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Generating direct to film

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  • Gerald Lange
    Linda Dare at Otis Laboratory Press has successfully worked out a way of printing direct to negative film on a laser printer by using a product called Laser
    Message 1 of 5 , Aug 29, 2001
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      Linda Dare at Otis Laboratory Press has successfully worked out a way
      of printing direct to negative film on a laser printer by using a
      product called Laser Buddy (used in the silk screen industry). This
      supposedly increases the opacity without effecting translucency. She
      suggests it works well for illustrative matter.

      I suspect that with laser printers now capable of generating at
      1200dpi (which is camera ready quality) and others, such as the Xante,
      capable of generating at 2400dpi (minimum imagesetter dpi for film),
      this may be an eventual way of generating film negatives in-house for
      type also, though I also suspect the letterform optimization will be
      even more crucial here.

      * I have previously considered the Xante because of its ability to
      generate direct to film and/or photopolymer, but these materials
      (which I've looked at) are not yet at the quality standard required
      for letterpress, nor were they intended for such use.

      I have asked Linda to come on board here, and perhaps when she does,
      she will explain this in more detail.

      Gerald
    • Dr P.B. Watry
      Gerry We do have a Xante Platemaker 3 over here which we use mainly as our networked printer in the department. For this purpose, it s great; although I don t
      Message 2 of 5 , Aug 30, 2001
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        Gerry

        We do have a Xante Platemaker 3 over here which we use mainly as our
        networked printer in the department. For this purpose, it's great;
        although I don't think it would produce output of sufficient
        quality to support PP letterpress printing. If anyone has had
        experience with this, please get in touch with me (reply to the list).

        Cheers
        Paul

        On Wed, 29 Aug 2001, Gerald Lange wrote:

        >Linda Dare at Otis Laboratory Press has successfully worked out a way
        >of printing direct to negative film on a laser printer by using a
        >product called Laser Buddy (used in the silk screen industry). This
        >supposedly increases the opacity without effecting translucency. She
        >suggests it works well for illustrative matter.
        >
        >I suspect that with laser printers now capable of generating at
        >1200dpi (which is camera ready quality) and others, such as the Xante,
        >capable of generating at 2400dpi (minimum imagesetter dpi for film),
        >this may be an eventual way of generating film negatives in-house for
        >type also, though I also suspect the letterform optimization will be
        >even more crucial here.
        >
        >* I have previously considered the Xante because of its ability to
        >generate direct to film and/or photopolymer, but these materials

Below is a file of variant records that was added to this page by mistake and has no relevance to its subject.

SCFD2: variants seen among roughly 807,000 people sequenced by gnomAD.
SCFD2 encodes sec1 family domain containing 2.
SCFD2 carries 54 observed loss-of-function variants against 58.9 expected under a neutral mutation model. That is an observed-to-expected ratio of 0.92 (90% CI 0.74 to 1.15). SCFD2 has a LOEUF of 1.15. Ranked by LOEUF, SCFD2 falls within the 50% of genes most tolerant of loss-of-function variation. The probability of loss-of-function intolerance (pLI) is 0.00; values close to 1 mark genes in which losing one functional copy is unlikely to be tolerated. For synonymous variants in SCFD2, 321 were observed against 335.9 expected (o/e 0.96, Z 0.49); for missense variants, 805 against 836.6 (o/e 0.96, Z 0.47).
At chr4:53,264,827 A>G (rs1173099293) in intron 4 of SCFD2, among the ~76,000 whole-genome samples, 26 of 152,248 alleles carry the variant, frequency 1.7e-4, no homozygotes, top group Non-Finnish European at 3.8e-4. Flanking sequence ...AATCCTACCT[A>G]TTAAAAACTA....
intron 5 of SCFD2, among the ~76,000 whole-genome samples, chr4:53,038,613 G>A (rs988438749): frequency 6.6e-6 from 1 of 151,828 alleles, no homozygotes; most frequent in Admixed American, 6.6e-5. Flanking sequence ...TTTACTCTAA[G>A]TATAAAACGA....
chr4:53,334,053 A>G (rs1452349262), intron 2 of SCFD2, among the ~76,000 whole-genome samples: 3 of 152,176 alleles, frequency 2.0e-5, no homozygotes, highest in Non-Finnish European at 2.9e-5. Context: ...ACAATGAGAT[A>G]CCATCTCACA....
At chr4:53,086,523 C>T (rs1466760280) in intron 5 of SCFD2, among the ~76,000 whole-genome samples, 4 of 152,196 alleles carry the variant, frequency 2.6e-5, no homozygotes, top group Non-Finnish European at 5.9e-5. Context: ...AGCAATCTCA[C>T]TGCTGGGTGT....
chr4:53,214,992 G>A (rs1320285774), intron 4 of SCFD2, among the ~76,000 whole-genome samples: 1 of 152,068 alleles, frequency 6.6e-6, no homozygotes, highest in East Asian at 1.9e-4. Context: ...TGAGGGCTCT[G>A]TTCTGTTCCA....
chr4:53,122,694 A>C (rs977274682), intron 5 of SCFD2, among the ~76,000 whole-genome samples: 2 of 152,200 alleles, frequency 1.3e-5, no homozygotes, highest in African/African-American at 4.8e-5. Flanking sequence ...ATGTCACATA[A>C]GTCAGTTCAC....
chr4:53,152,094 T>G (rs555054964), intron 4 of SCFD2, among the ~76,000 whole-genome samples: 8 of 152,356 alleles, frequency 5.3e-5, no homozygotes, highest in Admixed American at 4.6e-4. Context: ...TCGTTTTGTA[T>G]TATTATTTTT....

>(which I've looked at) are not yet at the quality standard required
        >for letterpress, nor were they intended for such use.
        >
        >I have asked Linda to come on board here, and perhaps when she does,
        >she will explain this in more detail.
        >
        >Gerald
        >
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        >
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        >
        >
        >Your use of Yahoo! Groups is subject to http://docs.yahoo.com/info/terms/
        >
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        >
      • Gerald Lange
        Dear Paul If I remember Xante had a special piece of equipment that you would put the film in to process the negatives. Do you know what the chemicals used for
        Message 3 of 5 , Aug 30, 2001
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          Dear Paul

          If I remember Xante had a special piece of equipment that you would
          put the film in to process the negatives. Do you know what the
          chemicals used for this are?

          Laser Buddy consists of Acetone and Isobutyl Acetate, a bit rude, as
          they say. Is this similar to the chemical recipe used for the Xante
          processing? The reason I ask is that Laser Buddy is a spray can, I
          can't imagine there would be enough control here to expect exacting
          reproduction, and I'd hate to be going back to the pre-water wash days
          when PP was a chemical bath operation.

          Though I suppose if you are to process film negatives on this level
          you are going to be dealing with chemical processes. Imagesetters
          don't use toner (aren't they silver based) so I suspect this is a
          faulty direction. Would appreciate any responses to this from anyone.

          I've tried Laser Buddy on a printed laser piece and it certainly pops
          up the dark. It is actually a Document Spray that "dramatically
          improves the quality of any toner-generated image" (ie, it make them
          darker. Nice catch phrase though "High Resolution in a Can"!

          Gerald

          --- In PPLetterpress@y..., "Dr P.B. Watry" <Pwatry@l...> wrote: